At the heart of Textile Photos is your digital wallet. From the moment you download our mobile app, every photo you take will be encrypted and given a universally-unique fingerprint and stored in your wallet. This means, no matter where you store or share that photo in the future, you can always keep a record of it to quickly open, move, or share again.
Importantly, encryption is managed through your personal wallet. After downloading, the mobile app will provision you a new Ed25519 master key pair. Ed25519 was chosen for a few reasons, first, we want to enable the authorization of external apps and services to add content to private wallets by leveraging a public key. Secondly, the speed and performance of this method was beneficial on the mobile device.
Storing your private photos: making it easy to move photos across devices and services.
While your wallet contains references to every photo you take you still need a place to store the raw file. Our first storage option is through IPFS. One of the coolest features of the Textile Photos app is that you are running a small, personal, IPFS instance directly on your mobile device where your photos are stored.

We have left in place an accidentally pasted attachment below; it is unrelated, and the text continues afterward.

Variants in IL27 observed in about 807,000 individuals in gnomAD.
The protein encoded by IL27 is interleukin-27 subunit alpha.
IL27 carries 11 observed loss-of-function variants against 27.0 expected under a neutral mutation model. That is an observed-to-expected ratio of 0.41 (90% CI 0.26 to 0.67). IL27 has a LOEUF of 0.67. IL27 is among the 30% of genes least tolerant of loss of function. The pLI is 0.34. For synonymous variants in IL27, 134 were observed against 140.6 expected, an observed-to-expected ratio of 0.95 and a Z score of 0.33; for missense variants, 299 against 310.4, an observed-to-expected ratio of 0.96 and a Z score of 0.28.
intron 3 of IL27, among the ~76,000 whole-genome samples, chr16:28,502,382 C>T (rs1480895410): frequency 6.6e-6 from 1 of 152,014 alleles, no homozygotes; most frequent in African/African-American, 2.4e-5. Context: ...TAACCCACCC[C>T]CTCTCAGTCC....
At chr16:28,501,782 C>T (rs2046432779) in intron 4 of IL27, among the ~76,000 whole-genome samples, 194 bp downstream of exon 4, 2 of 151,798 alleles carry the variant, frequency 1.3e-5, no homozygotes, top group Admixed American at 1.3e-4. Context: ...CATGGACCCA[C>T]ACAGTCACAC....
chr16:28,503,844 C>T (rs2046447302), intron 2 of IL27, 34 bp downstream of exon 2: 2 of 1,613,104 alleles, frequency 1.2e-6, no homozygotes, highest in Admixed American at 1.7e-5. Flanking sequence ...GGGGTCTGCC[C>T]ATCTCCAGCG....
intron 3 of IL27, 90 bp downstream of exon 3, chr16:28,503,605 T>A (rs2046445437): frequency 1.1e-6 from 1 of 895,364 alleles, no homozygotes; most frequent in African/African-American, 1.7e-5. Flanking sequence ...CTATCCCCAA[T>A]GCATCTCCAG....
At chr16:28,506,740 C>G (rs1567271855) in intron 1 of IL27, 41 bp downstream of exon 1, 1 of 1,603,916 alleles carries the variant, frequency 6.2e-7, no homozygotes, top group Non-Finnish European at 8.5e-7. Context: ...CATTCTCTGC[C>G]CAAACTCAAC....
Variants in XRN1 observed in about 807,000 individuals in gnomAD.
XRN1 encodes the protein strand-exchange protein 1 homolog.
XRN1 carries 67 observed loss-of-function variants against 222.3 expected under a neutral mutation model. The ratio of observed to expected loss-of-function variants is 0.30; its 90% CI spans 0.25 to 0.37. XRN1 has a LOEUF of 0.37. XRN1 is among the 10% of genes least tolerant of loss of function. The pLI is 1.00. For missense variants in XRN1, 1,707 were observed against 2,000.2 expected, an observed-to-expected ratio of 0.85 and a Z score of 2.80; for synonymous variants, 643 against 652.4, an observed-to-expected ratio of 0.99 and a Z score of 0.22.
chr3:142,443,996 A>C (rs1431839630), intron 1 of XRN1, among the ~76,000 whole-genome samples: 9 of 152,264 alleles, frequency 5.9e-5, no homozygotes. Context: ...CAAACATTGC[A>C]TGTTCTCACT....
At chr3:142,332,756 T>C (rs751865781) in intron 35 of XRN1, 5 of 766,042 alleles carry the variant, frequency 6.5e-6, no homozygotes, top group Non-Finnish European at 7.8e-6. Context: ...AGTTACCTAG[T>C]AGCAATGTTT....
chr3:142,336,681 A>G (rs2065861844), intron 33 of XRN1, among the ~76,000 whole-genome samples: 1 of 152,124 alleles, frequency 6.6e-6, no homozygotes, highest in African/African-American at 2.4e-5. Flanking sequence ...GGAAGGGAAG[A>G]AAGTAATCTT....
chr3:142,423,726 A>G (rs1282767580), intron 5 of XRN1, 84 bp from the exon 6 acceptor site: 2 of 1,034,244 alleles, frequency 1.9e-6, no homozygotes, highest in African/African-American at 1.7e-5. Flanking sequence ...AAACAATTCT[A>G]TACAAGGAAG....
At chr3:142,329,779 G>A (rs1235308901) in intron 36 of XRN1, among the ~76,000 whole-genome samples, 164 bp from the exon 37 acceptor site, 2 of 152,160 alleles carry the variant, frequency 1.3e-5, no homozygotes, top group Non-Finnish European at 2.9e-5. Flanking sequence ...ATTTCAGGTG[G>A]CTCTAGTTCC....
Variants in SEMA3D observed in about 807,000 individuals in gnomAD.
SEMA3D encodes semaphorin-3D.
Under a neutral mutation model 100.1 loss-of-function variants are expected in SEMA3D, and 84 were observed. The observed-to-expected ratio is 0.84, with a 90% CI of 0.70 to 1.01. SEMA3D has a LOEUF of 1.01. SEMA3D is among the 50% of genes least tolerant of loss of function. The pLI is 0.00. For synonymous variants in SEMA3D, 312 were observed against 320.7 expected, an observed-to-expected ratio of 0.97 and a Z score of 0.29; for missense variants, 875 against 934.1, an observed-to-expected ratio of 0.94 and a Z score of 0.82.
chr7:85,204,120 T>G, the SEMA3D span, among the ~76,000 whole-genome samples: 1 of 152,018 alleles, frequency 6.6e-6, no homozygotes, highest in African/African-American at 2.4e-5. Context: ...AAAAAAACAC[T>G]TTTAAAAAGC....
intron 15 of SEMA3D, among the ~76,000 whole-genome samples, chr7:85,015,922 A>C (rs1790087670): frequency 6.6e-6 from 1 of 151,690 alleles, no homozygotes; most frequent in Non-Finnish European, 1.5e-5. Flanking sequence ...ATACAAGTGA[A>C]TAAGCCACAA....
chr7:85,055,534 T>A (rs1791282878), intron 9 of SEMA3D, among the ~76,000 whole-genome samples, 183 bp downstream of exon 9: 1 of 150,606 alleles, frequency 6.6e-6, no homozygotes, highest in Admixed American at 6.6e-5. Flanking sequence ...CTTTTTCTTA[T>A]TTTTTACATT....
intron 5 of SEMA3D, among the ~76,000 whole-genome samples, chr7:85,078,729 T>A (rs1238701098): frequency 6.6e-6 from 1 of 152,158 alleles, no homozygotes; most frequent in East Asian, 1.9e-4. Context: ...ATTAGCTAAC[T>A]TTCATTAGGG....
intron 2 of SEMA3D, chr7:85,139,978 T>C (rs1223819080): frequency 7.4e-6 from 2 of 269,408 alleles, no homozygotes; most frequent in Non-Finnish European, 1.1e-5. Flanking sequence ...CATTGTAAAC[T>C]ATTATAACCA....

There are two other places for you to store your digital photos. The first is on a remote IPFS server. We are currently maintaining a large IPFS server that allows Textile users to remotely backup their data on the system. In the future, we plan to sunset our own server in favor of Filecoin services and other decentralized storage options.
The final place to store your digital photos is on your other devices. We make Textile Photos pairing possible between your phone and your desktop computer using peer-to-peer wallet syncing. It’s freaking sweet. You basically get unlimited, real-time, photo sync between your phone and other devices for free, without any centralized servers or accounts. Enjoy! (old sneak peek)